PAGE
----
The Turn

August was a tale of two tapes as the trend that’s been in place since mid-January—selling, and a lot of it—came to a screeching halt the morning of August 15. That’s when Constellation Brands announced an additional $4 billion investment in Canopy Growth Corporation, the largest Canadian licensed producer, in a deal that will eventually give them control of the company.

It was a timely transaction as sentiment surrounding the space was sour and Constellation effectively reset the valuation of the industry bellwether 50% higher (and in the process, diversified future revenue streams to include nutraceuticals, consumer packaged goods and biotech). In the process, we believe they also established a durable bottom for the cannabis sector as we enter the final trimester of 2018.

A five-year look at the BI Cannabis Competitive peers index provides historical context:

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It was a particularly volatile stretch; after continued weakness to start the month, overall performance popped 25% over the final thirteen sessions. It wasn’t a linear rally as the three U.S.-listed Canadian LPs saw the strongest demand and got the most attention, which is an encouraging sign for our strategy: we’ve accumulated over twelve million shares of stock in companies that we believe will benefit when Wall Street does the work.

In our continued effort to educate our investors, we’ll share a few thoughts across several regions and verticals:

Canada: Canopy Growth, Tilray and Cronos Group have rallied the most—and are by extension, the most expensive—given they’re listed on US exchanges. While we’ve owned them in the past, we’ve focused our current Canadian investment exposure on companies like Canntrust, Organigram, and Village Farms International, among others, which are comparable companies listed in Canada and trading at a substantial discounts.

United States: We’ve been overweight U.S. since the beginning of the summer as this is where we see the greatest opportunity to accumulate long-term exposure before institutions are legally allowed to invest in the sector. That presents a rare opportunity, for those educated, to front-run the institutions. Ianthus Capital, Liberty Health Sciences and GTI Industries are among the domestic holdings we favor.


Australia:
If Canadian companies are the lead dog and the U.S is the body, Australia is the tail—and that tail has yet to wag despite existing synergies. Structural concerns surrounding the Australian economy / emerging markets temper our enthusiasm but we’ve planted seeds in AusCann (Canopy owns 9%), Cann Group (Aurora owns 23%) and Elixinol Global LTD, among others.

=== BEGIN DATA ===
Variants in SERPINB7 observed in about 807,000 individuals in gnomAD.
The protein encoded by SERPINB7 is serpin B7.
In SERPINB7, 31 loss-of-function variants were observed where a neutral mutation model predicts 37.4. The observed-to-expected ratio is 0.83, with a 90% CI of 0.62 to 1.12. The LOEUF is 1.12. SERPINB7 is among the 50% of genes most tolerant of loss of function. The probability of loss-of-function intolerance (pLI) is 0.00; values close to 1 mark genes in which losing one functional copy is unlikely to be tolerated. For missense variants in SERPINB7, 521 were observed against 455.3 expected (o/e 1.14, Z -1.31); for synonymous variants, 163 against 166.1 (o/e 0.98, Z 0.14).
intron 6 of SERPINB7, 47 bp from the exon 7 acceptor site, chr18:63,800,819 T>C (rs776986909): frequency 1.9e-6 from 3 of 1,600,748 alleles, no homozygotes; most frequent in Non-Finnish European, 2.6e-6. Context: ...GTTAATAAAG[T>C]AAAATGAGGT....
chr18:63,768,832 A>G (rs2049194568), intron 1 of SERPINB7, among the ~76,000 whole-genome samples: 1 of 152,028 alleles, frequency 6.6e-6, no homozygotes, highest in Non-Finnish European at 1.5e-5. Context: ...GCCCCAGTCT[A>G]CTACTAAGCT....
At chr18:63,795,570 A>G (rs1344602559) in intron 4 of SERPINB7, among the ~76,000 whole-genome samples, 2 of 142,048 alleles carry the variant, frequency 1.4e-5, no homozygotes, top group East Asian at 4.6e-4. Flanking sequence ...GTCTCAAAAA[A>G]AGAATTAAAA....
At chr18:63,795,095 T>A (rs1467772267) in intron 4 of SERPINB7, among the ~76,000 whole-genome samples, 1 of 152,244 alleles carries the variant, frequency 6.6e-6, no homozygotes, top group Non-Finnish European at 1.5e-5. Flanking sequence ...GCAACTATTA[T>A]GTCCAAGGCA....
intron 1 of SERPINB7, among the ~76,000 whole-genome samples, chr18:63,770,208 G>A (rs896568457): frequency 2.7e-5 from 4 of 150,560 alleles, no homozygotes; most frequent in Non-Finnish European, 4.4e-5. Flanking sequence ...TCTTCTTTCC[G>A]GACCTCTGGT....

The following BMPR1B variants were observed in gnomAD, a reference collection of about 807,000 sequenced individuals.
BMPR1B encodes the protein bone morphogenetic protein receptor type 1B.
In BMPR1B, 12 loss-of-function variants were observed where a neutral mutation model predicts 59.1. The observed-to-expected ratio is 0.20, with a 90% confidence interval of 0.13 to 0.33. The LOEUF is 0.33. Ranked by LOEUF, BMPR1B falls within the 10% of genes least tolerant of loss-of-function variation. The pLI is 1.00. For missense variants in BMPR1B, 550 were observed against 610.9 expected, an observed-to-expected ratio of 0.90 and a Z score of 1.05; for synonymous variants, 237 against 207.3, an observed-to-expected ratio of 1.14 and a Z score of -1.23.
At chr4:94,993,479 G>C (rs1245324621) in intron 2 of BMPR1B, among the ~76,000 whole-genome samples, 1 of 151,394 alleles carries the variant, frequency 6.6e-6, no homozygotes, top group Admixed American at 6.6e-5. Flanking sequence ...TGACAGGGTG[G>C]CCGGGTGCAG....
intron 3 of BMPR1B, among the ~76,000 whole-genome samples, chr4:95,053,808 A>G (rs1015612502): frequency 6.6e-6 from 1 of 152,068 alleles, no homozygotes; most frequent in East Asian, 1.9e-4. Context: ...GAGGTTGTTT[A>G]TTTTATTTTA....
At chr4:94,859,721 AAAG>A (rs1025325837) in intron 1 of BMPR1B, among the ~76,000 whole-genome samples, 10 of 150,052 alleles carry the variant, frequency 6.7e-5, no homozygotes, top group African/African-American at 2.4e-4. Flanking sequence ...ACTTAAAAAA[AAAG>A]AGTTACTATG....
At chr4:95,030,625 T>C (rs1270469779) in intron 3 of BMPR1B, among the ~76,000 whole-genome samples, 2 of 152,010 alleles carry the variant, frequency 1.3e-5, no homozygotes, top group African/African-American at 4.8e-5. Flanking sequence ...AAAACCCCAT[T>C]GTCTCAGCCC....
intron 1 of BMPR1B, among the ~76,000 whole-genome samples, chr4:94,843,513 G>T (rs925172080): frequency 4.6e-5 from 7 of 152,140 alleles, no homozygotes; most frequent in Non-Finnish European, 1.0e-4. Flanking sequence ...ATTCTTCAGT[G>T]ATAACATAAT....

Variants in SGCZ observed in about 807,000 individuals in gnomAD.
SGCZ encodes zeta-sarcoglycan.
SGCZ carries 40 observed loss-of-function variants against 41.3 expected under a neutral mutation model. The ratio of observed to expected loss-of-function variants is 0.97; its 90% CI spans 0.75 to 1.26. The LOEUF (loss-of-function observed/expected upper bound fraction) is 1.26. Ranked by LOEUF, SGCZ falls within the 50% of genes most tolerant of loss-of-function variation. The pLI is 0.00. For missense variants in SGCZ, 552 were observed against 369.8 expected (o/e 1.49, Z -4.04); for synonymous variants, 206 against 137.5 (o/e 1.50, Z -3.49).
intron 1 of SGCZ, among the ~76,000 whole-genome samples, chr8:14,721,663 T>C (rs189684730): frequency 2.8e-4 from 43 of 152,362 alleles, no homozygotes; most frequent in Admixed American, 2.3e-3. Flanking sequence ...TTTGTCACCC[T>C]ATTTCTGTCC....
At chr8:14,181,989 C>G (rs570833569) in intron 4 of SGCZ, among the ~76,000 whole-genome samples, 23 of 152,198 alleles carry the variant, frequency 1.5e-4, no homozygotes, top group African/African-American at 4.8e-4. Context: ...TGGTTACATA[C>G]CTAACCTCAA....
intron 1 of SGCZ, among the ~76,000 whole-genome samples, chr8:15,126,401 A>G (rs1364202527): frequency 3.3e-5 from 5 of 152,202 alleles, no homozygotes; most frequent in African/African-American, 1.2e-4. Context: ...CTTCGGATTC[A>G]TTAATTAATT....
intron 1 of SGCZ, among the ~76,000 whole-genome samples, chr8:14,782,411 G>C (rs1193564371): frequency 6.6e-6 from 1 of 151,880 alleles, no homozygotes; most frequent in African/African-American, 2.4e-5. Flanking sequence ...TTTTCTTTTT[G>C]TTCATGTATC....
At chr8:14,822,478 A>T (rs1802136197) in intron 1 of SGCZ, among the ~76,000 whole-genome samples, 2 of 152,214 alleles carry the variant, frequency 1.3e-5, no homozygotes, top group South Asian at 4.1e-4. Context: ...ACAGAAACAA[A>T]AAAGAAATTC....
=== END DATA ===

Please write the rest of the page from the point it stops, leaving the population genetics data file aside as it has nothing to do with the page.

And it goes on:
Biotech: This, in our view, will be the next wave of the secular bull market and it happens to be the one area the Street is most dubious about: cannabis as medicine. Imagine the societal surprise when folks find out cannabis is therapeutic and when properly administered, efficacious. We currently own thirteen biotech companies, which include GW Pharmaceuticals and Corbus Pharmaceuticals.

Market Outlook

When adult-use of cannabis becomes legal in Canada on October 17, Canada could be in violation of the U.N. Single Convention on Narcotic Drugs, 1961, and the Convention on Psychotropic Substances, 1971 (which we refer to as the UN Treaties), and as a result, we believe that some of the other countries that are parties to the UN Treaties may refuse to import cannabis from Canada for their own medical use.

Most people we’ve spoken to aren’t aware of this and those who are universally believe a resolution will be reached. However, recent events in Germany and Uruguay are worth watching given that valuations for Canadian licensed producers are largely predicated on international expansion and global distribution.

With the rescheduling of CBD or Epidiolex™ expected by September 23, the expected passage of the Farm Bill in the next few months, and a review of cannabis/THC in December by the U.N. Commission on Narcotic Drugs in advance of the March 2019 U.N. vote on cannabis scheduling under the UN Treaties, we believe that any disruption should prove temporary. It’s also worth noting that Utah and Missouri (for medical) and Michigan and North Dakota (for adult-use) will have legalization on the November ballot.

Despite the surge in large-cap cannabis stocks, many of our holdings have yet to rally. This doesn’t surprise us as nobody on Wall Street follows these stocks and institutions haven’t bought them yet, and we’re content to lay in wait for an efficient market. Canopy Growth is an excellent company, but at the end of August, it was up 500% year-over-year and more than 2000% since 2016. Most of our names haven’t made their move yet—this is by design.

Finally, the U.N. estimates that cannabis currently is a $300 billion annual cash crop. If we contemplate cannabis and hemp as ingredients for the wide array of use-cases and end-products we so often discuss, and expand our lens globally, we’re likely talking about a $2-$3 trillion industry in ten years. The current market capitalization of all publicly traded cannabis securities is roughly $70 billion, so through the lens of simple math, demand should out-pace supply on a forward basis, perhaps quite considerably.

As always, please let us know if you have any questions, and don’t hesitate to contact us to set up a call or a meeting.

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todd harrison